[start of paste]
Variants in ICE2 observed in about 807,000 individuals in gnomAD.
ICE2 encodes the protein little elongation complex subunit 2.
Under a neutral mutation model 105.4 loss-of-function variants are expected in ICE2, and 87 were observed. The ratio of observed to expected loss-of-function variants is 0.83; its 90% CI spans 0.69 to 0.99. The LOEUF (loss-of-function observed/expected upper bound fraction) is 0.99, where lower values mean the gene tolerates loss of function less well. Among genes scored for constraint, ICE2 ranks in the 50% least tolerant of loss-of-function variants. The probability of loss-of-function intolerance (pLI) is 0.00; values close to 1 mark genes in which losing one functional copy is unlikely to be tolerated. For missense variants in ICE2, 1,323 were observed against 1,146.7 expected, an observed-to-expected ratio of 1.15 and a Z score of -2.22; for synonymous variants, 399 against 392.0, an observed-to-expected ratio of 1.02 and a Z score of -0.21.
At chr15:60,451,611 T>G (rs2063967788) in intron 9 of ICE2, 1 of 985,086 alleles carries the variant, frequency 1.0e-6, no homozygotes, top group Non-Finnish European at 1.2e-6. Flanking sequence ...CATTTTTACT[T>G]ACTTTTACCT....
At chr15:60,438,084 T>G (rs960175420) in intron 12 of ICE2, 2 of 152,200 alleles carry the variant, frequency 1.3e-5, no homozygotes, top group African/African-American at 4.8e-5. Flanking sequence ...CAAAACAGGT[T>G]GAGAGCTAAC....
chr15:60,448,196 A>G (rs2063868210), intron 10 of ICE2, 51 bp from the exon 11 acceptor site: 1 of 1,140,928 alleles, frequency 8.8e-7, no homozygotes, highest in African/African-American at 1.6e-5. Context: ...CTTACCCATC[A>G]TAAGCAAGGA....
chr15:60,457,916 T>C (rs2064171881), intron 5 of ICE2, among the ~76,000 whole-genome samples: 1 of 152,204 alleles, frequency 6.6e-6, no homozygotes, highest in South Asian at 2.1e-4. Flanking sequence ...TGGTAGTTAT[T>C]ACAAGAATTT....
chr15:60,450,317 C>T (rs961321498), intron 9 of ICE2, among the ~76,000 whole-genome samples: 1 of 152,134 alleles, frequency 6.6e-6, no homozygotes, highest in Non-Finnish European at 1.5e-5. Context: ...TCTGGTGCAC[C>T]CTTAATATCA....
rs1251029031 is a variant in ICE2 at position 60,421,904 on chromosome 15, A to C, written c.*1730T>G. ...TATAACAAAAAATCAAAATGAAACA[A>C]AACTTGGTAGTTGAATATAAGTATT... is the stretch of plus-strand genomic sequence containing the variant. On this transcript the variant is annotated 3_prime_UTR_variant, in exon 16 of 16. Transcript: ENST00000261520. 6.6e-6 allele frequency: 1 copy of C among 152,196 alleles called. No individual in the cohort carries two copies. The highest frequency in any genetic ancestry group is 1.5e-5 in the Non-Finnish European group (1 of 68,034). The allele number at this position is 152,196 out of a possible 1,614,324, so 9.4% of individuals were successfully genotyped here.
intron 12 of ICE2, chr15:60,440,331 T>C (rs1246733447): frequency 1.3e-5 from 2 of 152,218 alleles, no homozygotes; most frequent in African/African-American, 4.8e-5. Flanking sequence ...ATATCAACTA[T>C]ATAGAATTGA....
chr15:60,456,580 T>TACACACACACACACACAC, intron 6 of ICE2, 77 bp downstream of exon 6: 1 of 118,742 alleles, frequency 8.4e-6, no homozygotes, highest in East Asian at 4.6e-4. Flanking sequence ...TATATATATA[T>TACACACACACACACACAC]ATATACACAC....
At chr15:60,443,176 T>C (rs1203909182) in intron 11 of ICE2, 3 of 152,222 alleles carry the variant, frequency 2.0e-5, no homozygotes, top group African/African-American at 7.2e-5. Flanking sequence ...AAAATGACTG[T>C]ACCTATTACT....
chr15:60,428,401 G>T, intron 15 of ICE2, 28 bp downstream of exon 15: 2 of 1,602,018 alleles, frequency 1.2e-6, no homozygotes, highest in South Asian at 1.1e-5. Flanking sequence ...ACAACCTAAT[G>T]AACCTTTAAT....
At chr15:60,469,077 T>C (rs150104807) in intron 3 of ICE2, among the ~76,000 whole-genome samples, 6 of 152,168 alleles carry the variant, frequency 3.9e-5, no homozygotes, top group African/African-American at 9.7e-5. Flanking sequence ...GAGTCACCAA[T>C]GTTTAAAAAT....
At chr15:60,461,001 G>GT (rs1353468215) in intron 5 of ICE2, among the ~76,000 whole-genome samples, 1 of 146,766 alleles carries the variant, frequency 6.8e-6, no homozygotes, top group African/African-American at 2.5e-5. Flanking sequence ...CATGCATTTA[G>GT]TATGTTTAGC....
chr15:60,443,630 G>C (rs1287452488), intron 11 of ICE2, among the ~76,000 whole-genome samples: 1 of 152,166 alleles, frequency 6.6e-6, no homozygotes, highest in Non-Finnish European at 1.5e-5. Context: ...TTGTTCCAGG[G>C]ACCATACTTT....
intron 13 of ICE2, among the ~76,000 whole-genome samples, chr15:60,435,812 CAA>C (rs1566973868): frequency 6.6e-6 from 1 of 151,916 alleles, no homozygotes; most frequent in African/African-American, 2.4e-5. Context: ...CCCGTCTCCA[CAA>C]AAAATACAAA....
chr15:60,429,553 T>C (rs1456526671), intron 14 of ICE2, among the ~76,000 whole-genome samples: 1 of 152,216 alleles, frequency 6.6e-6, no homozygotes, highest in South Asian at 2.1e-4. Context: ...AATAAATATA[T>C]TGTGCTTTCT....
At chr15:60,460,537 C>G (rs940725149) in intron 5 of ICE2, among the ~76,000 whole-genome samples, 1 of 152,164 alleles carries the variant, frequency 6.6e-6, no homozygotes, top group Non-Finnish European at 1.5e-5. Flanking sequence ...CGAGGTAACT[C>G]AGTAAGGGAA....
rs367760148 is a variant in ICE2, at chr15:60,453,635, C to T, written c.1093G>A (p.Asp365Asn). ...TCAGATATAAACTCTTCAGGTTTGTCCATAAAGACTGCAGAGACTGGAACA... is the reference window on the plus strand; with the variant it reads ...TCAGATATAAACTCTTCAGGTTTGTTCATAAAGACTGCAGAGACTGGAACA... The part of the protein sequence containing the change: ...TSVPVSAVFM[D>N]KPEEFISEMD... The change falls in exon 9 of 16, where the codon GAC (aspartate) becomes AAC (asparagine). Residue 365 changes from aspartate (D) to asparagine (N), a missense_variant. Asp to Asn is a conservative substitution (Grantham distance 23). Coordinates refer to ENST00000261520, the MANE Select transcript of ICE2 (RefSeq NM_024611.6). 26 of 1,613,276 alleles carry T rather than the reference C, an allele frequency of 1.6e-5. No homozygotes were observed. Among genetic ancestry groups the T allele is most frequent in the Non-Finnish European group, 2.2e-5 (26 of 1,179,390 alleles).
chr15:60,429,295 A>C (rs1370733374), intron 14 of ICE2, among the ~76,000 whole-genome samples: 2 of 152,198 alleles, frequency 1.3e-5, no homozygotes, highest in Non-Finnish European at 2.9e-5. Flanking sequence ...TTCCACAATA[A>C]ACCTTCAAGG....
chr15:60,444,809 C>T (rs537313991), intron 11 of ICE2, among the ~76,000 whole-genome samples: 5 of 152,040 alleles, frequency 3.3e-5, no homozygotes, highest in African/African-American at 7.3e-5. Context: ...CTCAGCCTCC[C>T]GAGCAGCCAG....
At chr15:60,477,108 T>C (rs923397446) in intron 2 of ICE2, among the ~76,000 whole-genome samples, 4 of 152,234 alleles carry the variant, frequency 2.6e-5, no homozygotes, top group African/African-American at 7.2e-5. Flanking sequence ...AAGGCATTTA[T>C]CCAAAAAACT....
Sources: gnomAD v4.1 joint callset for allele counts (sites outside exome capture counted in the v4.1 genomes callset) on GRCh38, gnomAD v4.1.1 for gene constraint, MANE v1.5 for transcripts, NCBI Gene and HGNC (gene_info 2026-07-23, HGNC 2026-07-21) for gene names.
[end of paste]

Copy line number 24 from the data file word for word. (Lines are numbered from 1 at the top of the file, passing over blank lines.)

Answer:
Sources: gnomAD v4.1 joint callset for allele counts (sites outside exome capture counted in the v4.1 genomes callset) on GRCh38, gnomAD v4.1.1 for gene constraint, MANE v1.5 for transcripts, NCBI Gene and HGNC (gene_info 2026-07-23, HGNC 2026-07-21) for gene names.